Sure it will make you loose a couple of CPU cycles and you probably could hand-roll a way faster solution on a basis of needs, just like you also definitely could write a 100 times faster application using Assembly! Though how often do you care if the popup to choose dates needs 0.01 second to show itself and uses 0.1 MB of RAM or if it takes 0.00001 second and uses 0.0001 MB of RAM…?
My answer so far (25 years of development in about 50 different programming languages) has always been so far; “almost never!”

It’s all a matter of taste combined with the problem at hand!

But for most solutions MORE abstraction is BETTER…!
ALWAYS!

.t

Dave Says:

Thomas,

In the web development domain: jQuery, ExtJS, scriptaculous and prototype (i.e. javascript “abstractions”) are much easier to use to their full potential in a monorail application than in a webforms application, because it is so much easier to deal directly with the http request/response architecture that is the basis of EVERY web app. WebForms breaks many common conventions of web development to support its “VB-on-the-web” mentality.

What’s the id of that LinkButton nested in the Repeater, again?

Another great “declarative abstraction” that is made much more difficult by WebForms world is CSS selector syntax. Heavens…

Note that MonoRail provides a level of abstraction that is helpful _but_no_more_. You are free to build your own site- or domain-specific abstractions and use them… which is not possible in WebForms because you are tied to a fundamentally broken architecture.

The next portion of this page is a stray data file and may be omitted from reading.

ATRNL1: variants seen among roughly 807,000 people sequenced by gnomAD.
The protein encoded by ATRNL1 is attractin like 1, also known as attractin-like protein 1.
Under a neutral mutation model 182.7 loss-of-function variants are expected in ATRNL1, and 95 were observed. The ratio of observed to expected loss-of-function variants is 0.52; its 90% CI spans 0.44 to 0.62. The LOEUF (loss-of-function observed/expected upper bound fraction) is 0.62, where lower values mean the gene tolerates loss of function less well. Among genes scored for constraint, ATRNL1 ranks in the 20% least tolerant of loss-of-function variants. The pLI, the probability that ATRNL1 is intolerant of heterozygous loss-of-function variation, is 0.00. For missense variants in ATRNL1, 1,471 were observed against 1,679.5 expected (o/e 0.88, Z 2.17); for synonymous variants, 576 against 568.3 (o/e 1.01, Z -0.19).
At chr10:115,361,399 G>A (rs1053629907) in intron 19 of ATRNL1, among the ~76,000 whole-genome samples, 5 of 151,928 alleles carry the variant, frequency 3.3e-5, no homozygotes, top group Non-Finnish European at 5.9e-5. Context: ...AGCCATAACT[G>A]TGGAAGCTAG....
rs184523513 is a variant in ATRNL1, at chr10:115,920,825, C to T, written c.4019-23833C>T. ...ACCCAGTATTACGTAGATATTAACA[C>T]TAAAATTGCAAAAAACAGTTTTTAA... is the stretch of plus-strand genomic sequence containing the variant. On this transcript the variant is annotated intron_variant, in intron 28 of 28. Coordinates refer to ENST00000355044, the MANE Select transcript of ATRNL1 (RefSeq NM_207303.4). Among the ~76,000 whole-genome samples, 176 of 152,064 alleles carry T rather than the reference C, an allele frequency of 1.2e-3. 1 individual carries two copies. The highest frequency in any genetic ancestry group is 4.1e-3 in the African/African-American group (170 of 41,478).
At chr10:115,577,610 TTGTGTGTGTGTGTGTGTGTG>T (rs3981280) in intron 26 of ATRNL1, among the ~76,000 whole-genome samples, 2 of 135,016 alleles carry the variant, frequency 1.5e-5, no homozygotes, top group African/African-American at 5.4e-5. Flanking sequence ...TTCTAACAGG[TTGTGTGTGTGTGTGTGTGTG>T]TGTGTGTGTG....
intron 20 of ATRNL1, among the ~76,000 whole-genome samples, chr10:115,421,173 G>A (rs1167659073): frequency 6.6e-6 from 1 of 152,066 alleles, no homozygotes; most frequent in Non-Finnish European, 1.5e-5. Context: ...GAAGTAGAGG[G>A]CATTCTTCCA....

You imply that performance is the goal of a framework that lacks this (leaky) abstraction, but this is purely a straw man. The reason for choosing MonoRail has nothing to do with performance and everything to do with the effort required to build equivalent functionality. The performance differences are just gravy.

Plainly stated: in my opinion, based on personal experience, it takes less effort to deliver a non-trivial application using MonoRail than to deliver the equivalent application using WebForms. This difference seems to become greater throughout the lifecycle, as the project becomes more complex, is released, and maintained through multiple revisions.

There may be other reasons to use WebForms in a particular environment (leveraging shared code base, developers that are more familiar with it, etc), but I firmly believe that MonoRail is a more efficient solution, effort-wise.

You know what else? Monorail is just plain _more_fun_ to work with than WebForms. Much less time is spent fighting against the framework.

As to your DateTimePicker example… this is only a few lines of code in Monorail. Note that WebForms is not magical here: there is already a declarative syntax for “TextBox”: the html input tag. Monorail provides you a one-line solution that not only creates the textbox (using FormHelper) but also “data-binds” the value both ways (to the view and also back to the server on post).

Also, note that there are many easy-to-use, good free Calendar js libraries available. Building a view component to encapsulate one of them is at most an hour of effort, should you choose to.

One other thing about WebControls: The easy-to-create “declarative” (i.e. markup-based) type of WebControl is a UserControl. But UserControls are inherently unsharable between projects without some Virtual Directory hackery… So, to create your own WebControl that can actually be included in a library and shared across multiple projects you must resort to writing HTML to a stream.